Flight Instruments: Airspeeds and the Airspeed Indicator (ASI)

Today, we’ll go over the airspeed indicator (ASI). This explanation comes from the FAA textbook Pilot’s Handbook of Aeronautical Knowledge.

The ASI is a sensitive, differential pressure gauge which measures and promptly indicates the difference between pitot (impact/dynamic pressure) and static pressure. These two pressures are equal when the aircraft is parked on the ground in calm air. When the aircraft moves through the air, the pressure on the pitot line becomes greater than the pressure in the static lines. This difference in pressure is registered by the airspeed pointer on the face of the instrument, which is calibrated in miles per hour, knots (nautical miles per hour), or both. (Figure 1)

Figure 1. The airspeed indicator.

Figure 1. The airspeed indicator.

The ASI is the one instrument that utilizes both the pitot, as well as the static system. The ASI introduces the static pressure into the airspeed case while the pitot pressure (dynamic) is introduced into the diaphragm. The dynamic pressure expands or contracts one side of the diaphragm,which is attached to an indicating system. The system drives the mechanical linkage and the airspeed needle.

Just as in altitudes, there are multiple types of airspeeds. Pilots need to be very familiar with each type.

  • Indicated airspeed (IAS)—the direct instrument reading obtained from the ASI, uncorrected for variations in atmospheric density, installation error, or instrument error. Manufacturers use this airspeed as the basis for determining aircraft performance. Takeoff, landing, and stall speeds listed in the AFM/POH are IAS and do not normally vary with altitude or temperature.
  • Calibrated airspeed (CAS)—IAS corrected for installation error and instrument error. Although manufacturers attempt to keep airspeed errors to a minimum, it is not possible to eliminate all errors throughout the airspeed operating range. At certain airspeeds and with certain flap settings, the installation and instrument errors may total several knots. This error is generally greatest at low airspeeds. In the cruising and higher airspeed ranges, IAS and CAS are approximately the same. Refer to the airspeed calibration chart to correct for possible airspeed errors.
  • True airspeed (TAS)—CAS corrected for altitude and nonstandard temperature. Because air density decreases with an increase in altitude, an aircraft has to be flown faster at higher altitudes to cause the same pressure difference between pitot impact pressure and static pressure. Therefore, for a given CAS, TAS increases as altitude increases; or for a given TAS, CAS decreases as altitude increases. A pilot can find TAS by two methods. The most accurate method is to use a flight computer. With this method, the CAS is corrected for temperature and pressure variation by using the airspeed correction scale on the computer. Extremely accurate electronic flight computers are also available. Just enter the CAS, pressure altitude, and temperature, and the computer calculates the TAS. A second method, which is a rule of thumb, provides the approximate TAS. Simply add 2 percent to the CAS for each 1,000 feet of altitude. The TAS is the speed which is used for flight planning and is used when filing a flight plan.
  • Groundspeed (GS)—the actual speed of the airplane over the ground. It is TAS adjusted for wind. GS decreases with a headwind, and increases with a tailwind.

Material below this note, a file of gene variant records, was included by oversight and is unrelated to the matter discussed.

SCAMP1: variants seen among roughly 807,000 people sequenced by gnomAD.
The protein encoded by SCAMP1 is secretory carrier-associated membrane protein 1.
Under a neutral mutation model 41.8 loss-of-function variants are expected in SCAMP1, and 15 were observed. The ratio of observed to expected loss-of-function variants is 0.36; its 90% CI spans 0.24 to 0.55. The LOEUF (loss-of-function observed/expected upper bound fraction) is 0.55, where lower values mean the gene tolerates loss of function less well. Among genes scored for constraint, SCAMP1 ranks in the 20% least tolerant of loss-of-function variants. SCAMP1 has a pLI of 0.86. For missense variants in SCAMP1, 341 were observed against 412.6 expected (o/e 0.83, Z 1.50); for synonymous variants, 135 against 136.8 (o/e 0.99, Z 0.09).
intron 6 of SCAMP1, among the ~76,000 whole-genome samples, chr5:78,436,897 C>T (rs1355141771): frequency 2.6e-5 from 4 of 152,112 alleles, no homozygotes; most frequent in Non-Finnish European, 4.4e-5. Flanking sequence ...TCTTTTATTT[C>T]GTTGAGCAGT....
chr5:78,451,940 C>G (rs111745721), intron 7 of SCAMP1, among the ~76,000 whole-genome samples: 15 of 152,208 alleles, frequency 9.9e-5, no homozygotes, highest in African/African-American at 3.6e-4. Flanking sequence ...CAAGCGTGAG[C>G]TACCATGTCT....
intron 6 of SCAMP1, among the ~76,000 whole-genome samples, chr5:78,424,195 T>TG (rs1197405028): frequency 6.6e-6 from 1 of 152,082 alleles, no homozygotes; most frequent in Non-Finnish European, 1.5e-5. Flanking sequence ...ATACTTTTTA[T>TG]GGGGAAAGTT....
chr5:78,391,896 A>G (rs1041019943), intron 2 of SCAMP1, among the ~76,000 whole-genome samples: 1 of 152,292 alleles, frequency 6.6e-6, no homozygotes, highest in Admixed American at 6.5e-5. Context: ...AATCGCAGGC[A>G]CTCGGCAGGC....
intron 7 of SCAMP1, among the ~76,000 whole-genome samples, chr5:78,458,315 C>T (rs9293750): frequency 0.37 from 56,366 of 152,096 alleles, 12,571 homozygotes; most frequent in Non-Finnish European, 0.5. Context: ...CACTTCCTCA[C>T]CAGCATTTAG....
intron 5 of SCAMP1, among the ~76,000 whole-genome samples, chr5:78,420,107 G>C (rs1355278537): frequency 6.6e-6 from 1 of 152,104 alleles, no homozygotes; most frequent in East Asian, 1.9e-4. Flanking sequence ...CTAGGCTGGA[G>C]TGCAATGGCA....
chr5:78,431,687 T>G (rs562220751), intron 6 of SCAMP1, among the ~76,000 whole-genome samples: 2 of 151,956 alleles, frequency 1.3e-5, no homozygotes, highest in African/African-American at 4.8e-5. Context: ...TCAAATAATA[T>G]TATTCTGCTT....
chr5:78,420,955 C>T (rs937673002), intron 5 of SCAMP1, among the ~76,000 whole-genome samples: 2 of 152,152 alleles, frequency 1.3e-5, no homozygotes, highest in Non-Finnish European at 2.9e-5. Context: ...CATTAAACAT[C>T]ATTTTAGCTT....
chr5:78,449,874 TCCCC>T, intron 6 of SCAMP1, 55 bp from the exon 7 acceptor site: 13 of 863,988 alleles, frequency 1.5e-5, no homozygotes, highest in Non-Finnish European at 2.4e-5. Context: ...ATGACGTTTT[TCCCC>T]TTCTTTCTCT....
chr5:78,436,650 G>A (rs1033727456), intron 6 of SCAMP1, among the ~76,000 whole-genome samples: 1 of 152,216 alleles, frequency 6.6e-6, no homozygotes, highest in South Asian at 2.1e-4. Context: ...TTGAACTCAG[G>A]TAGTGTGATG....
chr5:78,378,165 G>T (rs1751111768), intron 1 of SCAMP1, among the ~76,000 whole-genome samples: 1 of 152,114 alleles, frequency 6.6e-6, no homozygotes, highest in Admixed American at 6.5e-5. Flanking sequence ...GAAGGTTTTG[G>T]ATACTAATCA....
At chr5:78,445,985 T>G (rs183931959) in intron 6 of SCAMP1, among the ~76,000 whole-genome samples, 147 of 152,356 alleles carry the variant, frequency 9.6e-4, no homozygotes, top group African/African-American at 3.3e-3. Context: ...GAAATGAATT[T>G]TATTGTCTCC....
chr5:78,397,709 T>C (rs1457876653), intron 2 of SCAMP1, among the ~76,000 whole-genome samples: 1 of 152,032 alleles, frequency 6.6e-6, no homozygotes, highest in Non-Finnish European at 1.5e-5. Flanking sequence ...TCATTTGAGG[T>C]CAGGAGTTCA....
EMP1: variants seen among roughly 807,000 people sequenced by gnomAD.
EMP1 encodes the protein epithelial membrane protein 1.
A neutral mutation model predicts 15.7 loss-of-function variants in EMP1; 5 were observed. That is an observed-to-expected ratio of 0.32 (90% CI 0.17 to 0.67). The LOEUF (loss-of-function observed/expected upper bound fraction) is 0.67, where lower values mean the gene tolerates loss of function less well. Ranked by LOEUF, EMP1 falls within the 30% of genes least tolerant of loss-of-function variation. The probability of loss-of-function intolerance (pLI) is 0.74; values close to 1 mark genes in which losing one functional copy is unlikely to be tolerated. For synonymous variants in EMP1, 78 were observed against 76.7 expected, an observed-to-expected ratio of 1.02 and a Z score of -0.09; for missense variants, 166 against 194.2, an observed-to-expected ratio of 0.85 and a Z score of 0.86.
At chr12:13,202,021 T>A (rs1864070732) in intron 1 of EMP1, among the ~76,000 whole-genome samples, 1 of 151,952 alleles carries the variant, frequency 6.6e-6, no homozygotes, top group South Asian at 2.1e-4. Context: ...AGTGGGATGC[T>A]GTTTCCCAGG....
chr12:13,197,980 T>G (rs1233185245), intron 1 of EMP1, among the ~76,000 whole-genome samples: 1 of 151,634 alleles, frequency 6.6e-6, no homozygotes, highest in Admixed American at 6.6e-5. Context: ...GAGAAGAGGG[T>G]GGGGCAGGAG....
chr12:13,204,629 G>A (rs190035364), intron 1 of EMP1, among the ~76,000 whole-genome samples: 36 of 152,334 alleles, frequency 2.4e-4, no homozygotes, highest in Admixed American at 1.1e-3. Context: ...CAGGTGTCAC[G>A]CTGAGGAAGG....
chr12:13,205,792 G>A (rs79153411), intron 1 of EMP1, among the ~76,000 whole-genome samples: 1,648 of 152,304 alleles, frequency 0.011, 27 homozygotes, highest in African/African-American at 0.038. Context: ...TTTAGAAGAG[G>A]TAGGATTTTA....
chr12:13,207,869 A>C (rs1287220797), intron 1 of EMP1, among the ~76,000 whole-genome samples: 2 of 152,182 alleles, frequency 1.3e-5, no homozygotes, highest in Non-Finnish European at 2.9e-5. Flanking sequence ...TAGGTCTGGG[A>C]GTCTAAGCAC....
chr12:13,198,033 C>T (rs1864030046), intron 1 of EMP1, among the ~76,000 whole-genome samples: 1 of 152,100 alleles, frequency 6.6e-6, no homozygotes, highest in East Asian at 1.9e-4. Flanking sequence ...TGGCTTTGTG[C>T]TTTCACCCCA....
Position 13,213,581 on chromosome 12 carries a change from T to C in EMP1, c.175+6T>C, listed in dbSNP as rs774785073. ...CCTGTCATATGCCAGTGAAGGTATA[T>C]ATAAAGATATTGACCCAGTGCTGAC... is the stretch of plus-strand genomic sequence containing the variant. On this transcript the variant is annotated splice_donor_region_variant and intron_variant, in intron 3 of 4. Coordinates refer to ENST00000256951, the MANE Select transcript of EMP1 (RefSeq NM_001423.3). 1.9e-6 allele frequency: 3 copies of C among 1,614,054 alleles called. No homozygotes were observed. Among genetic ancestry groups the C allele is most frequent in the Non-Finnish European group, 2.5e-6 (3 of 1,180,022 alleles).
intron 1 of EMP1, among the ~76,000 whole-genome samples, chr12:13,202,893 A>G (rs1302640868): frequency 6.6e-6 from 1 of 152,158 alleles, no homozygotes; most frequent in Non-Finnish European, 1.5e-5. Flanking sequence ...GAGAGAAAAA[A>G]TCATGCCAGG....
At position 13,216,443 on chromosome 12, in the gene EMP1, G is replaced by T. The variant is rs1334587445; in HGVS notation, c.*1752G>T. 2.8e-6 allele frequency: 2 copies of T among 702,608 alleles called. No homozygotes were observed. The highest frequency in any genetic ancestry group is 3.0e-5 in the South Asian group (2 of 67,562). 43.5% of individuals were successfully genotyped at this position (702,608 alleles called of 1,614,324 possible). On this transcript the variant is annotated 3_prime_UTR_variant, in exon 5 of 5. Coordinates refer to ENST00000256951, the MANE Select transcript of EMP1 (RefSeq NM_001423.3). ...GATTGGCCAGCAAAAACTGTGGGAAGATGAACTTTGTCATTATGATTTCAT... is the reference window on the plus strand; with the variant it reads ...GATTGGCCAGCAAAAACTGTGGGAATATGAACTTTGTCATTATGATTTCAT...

Airspeed Indicator Markings
Aircraft weighing 12,500 pounds or less, manufactured after 1945, and certificated by the FAA, are required to have ASIs marked in accordance with a standard color-coded marking system. This system of color-coded markings enables a pilot to determine at a glance certain airspeed limitations that are important to the safe operation of the aircraft. For example, if during the execution of a maneuver, it is noted that the airspeed needle is in the yellow arc and rapidly approaching the red line, the immediate reaction should be to reduce airspeed.

Figure 2. ASI markings.

Figure 2. ASI markings.

As shown in Figure 2, ASIs on single-engine small aircraft include the following standard color-coded markings:

  • White arc—commonly referred to as the flap operating range since its lower limit represents the full flap stall speed and its upper limit provides the maximum flap speed. Approaches and landings are usually flown at speeds within the white arc.
  • Lower limit of white arc (VS0)—the stalling speed or the minimum steady flight speed in the landing configuration. In small aircraft, this is the power-off stall speed at the maximum landing weight in the landing configuration (gear and flaps down).
  • Upper limit of the white arc (VFE)—the maximum speed with the flaps extended.
  • Green arc—the normal operating range of the aircraft. Most flying occurs within this range.
  • Lower limit of green arc (VS1)—the stalling speed or the minimum steady flight speed obtained in a specified configuration. For most aircraft, this is the power-off stall speed at the maximum takeoff weight in the clean configuration (gear up, if retractable, and flaps up).
  • Upper limit of green arc (VNO)—the maximum structural cruising speed. Do not exceed this speed except in smooth air.
  • Yellow arc—caution range. Fly within this range only in smooth air, and then, only with caution.
  • Red line (VNE)—never exceed speed. Operating above this speed is prohibited since it may result in damage or structural failure.

As always, be sure to check back Thursday for a post from our CFI.

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